A few months before entering production in 2005, the Bugatti Veyron 16.4 attempted to break the 250-mph barrier. It was a key demonstration of Bugatti’s engineering, and at the heart of the matter was the car’s 8.0-liter quad-turbo W-16 engine, good for a healthy 986 horsepower and 921 ft-lb of torque driving all four wheels.
At the time, Veyron’s list of stats was staggering: 0-62 mph in 2.5 seconds, 124 mph after 7.3 seconds, 186 mph in 16.7 seconds and to a top speed of 253 mph with the Speed Key in the right position. With this secondary key turned, once above 136 mph, the Veyron’s central hydraulics lowered the suspension to a V-shape, with the rear wing adjusted to two degrees and the diffuser flaps closed to give test driver Uwe Novacki all the drag reduction the chassis would permit. After all, Veyron mastermind Ferdinand Piëch’s goal was to make Bugatti’s hypercar faster than the Le Mans-winning Porsche 917 was on the Hunaudières Straight back in the 1960s. The target speed to beat? 252 mph.
Being 56-years-old at the time and with over 30 years of experience on his belt, Uwe Novacki worked as the lead driving safety instructor of Volkswagen and knew Ehra-Lessien’s three-lane high-speed oval like the back of his hand. Still, on the 19th of April, 2005, he was bound to leave the 300 km/h mark (186.4 mph) and brave the 400 km/h barrier (248.5 mph), throwing everything he and the Veyron had against that 5.4-mile straight.
In order to maximize his speed in the straight, Novacki had to hit the curves as quickly as he dared, while keeping in mind that the forces of doing so would press down hard on the suspension, and once the shocks became fully extended, pressure would transfer to the tires, making the car more unstable. Here’s how he remembers his dance on that knife’s edge:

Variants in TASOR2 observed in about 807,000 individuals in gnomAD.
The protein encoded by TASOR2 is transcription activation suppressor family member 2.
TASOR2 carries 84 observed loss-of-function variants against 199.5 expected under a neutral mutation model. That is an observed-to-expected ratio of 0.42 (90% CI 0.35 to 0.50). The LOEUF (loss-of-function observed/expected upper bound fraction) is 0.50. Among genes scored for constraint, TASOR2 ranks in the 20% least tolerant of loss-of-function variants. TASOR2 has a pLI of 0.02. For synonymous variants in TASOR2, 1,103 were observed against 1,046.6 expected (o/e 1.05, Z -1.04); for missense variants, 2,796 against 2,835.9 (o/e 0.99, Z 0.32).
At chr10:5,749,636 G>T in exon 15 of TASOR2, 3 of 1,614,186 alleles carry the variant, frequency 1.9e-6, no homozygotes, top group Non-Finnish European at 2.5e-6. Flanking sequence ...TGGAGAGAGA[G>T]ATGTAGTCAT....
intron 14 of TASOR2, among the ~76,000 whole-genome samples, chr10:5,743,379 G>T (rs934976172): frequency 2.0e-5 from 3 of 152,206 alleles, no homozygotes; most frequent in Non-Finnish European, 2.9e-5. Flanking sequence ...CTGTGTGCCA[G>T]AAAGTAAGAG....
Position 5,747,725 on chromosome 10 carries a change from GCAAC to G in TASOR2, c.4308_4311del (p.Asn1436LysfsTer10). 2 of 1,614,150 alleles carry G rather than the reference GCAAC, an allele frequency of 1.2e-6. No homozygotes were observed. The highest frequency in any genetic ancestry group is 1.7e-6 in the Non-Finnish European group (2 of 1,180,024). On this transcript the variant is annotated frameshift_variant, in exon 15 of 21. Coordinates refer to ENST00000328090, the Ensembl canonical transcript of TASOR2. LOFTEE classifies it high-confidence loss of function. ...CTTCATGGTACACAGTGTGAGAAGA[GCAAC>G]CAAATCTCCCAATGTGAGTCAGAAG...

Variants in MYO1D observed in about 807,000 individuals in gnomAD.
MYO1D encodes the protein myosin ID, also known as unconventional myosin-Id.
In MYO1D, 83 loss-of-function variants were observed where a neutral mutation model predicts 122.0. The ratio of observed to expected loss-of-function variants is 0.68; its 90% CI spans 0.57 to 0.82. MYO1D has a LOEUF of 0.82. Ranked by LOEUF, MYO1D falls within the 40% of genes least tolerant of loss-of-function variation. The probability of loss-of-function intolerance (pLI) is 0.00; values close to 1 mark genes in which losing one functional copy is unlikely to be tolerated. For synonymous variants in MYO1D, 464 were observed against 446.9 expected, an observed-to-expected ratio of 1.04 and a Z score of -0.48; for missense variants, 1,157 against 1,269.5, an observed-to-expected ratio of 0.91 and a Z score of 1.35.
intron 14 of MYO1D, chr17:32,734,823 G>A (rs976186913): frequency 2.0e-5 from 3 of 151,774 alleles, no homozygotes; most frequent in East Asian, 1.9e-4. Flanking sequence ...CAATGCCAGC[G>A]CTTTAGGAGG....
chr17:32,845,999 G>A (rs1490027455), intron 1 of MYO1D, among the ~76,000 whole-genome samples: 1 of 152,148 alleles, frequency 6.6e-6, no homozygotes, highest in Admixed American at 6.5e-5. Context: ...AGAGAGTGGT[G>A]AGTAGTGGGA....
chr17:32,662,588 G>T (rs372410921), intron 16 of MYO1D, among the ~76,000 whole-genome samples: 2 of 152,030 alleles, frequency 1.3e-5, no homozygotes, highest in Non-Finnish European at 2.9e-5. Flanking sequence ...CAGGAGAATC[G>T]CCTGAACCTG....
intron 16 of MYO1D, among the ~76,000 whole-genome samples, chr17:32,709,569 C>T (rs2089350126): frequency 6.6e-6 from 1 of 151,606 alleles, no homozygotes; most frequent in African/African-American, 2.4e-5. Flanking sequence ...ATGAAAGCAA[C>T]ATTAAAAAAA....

“I cautiously approached the speed range. On the first lap, I drove around the steep bend at 143 mph which was too fast and the car became unstable. I took the next bend at 137 mph and the car felt more stable. Before I came out of the bend, I accelerated as hard as I could to get the full 986 horsepower out of the Veyron’s engine. I was so impressed with how stable, effortless and safe the car felt at 250 mph.”
It’s worth remembering that during its development sometime in 2003, a Veyron mule crashed hard at Nardo with Loris Bicocchi strapped into it, due to tire failure at high speeds. Nardo is a banked oval circuit.
Interestingly, during Novacski’s first attempt two years later, he only reached 236 mph. No matter, though; a few days later, in April’s good weather, the car delivered 255 mph, thus breaking the 400 km/h barrier and giving Bugatti the record it so craved. After several runs, a digital display even showed 265 mph at one point, which later proved to be a miscalculation due to the display measuring accurately only up to 186 mph.
To ensure that there’s no shadow of doubt, the Veyron’s official speed was measured in both directions by testing specialists TÜV Süd. The car exceeded 253 mph several times, but in the end, the value entered in the type approval documents based on the average was 407 km/h, or 252.89 miles per hour.
As it dueled in a back-and-forth game with Koenigsegg throughout the following decade, Bugatti went on to break two more production car speed records with the Veyron, along with a third (and supposedly final) one with the modified Chiron Super Sport 300+.
In June 2010, the enhanced Veyron 16.4 Super Sport was clocked at 267.8 mph with French racing driver Pierre-Henri Raphanel behind its wheel, while in April 2013, the open-top Bugatti Veyron 16.4 Grand Sport Vitesse took the roadster record with 254 mph.
Just last year, the Chiron hit 304.77 mph, and with Bugatti “no longer focusing on breaking records in the future” but instead forking out as many Chiron variants as its design team can muster, all eyes are on a Swedish car known as Absolut to deliver the next big benchmark in this ever-evolving design and engineering challenge.
Report by hagerty.com